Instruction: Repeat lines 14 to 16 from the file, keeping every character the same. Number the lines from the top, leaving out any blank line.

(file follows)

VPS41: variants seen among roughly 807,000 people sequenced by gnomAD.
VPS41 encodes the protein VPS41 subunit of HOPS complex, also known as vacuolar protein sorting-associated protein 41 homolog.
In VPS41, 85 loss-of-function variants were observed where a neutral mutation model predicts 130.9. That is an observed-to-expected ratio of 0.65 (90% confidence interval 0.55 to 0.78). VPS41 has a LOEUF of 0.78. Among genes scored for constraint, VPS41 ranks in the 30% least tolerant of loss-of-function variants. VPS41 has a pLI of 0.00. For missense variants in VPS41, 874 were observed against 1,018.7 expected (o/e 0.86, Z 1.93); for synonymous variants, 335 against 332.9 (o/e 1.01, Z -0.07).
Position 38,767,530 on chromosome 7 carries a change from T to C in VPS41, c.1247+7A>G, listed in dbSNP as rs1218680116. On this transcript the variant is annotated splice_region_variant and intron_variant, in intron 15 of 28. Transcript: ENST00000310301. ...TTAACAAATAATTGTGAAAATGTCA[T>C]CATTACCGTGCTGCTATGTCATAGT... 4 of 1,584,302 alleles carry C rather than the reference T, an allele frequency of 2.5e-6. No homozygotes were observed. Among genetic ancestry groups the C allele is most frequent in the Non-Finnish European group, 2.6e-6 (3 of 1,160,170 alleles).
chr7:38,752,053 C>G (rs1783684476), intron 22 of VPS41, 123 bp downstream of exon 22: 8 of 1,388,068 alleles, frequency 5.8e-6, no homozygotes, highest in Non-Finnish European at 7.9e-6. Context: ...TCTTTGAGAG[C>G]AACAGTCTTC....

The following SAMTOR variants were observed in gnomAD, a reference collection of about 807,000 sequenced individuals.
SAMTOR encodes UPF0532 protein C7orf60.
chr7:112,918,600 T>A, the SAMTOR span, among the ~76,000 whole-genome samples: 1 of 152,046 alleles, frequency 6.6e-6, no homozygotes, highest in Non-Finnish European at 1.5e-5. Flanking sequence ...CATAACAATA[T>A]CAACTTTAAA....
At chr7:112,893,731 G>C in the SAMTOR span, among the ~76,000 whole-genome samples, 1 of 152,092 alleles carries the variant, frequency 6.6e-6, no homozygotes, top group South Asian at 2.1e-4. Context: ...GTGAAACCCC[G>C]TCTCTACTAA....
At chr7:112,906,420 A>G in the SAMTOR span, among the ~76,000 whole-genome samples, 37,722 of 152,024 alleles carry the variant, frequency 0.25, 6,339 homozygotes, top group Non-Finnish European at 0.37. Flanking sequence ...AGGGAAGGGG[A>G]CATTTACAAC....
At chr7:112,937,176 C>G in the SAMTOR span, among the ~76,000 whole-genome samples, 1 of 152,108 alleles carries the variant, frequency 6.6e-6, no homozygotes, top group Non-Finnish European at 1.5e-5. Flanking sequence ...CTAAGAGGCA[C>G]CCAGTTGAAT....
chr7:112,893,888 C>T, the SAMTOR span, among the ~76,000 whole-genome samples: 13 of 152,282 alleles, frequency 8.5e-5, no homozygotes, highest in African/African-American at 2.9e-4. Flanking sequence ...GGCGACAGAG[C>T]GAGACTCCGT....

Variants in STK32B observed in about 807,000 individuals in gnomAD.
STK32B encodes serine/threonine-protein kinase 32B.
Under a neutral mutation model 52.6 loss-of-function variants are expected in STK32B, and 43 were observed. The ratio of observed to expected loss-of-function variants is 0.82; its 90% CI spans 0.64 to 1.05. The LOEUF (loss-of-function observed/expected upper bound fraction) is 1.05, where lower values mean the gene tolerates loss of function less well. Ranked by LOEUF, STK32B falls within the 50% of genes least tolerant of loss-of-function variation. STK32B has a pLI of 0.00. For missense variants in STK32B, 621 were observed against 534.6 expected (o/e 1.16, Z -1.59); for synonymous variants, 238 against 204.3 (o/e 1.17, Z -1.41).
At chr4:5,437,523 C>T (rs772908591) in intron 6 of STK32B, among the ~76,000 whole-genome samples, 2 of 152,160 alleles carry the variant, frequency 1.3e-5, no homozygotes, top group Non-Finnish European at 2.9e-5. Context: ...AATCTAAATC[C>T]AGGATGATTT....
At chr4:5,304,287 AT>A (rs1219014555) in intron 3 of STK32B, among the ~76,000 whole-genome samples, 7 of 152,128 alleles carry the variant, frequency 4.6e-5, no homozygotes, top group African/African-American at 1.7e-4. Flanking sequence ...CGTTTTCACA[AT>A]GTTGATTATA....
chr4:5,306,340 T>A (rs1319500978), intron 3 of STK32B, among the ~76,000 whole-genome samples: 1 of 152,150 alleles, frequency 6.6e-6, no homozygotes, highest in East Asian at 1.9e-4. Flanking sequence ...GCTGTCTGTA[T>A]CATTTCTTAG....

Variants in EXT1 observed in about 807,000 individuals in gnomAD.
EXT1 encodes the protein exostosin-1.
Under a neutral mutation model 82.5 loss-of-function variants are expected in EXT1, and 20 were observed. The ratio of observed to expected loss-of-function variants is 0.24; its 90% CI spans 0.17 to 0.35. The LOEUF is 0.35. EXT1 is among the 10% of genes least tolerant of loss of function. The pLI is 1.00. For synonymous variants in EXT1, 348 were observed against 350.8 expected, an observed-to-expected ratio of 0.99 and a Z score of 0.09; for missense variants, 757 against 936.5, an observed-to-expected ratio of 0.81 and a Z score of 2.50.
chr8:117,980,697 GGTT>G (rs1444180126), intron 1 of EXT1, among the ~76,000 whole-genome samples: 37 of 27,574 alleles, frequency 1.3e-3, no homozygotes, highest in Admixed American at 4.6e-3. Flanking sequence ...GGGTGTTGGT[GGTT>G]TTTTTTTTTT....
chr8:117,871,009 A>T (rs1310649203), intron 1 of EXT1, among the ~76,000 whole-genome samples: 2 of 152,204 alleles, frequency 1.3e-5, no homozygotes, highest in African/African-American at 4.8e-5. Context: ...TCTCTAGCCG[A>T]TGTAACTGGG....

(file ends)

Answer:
STK32B encodes serine/threonine-protein kinase 32B.
Under a neutral mutation model 52.6 loss-of-function variants are expected in STK32B, and 43 were observed. The ratio of observed to expected loss-of-function variants is 0.82; its 90% CI spans 0.64 to 1.05. The LOEUF (loss-of-function observed/expected upper bound fraction) is 1.05, where lower values mean the gene tolerates loss of function less well. Ranked by LOEUF, STK32B falls within the 50% of genes least tolerant of loss-of-function variation. STK32B has a pLI of 0.00. For missense variants in STK32B, 621 were observed against 534.6 expected (o/e 1.16, Z -1.59); for synonymous variants, 238 against 204.3 (o/e 1.17, Z -1.41).
At chr4:5,437,523 C>T (rs772908591) in intron 6 of STK32B, among the ~76,000 whole-genome samples, 2 of 152,160 alleles carry the variant, frequency 1.3e-5, no homozygotes, top group Non-Finnish European at 2.9e-5. Context: ...AATCTAAATC[C>T]AGGATGATTT....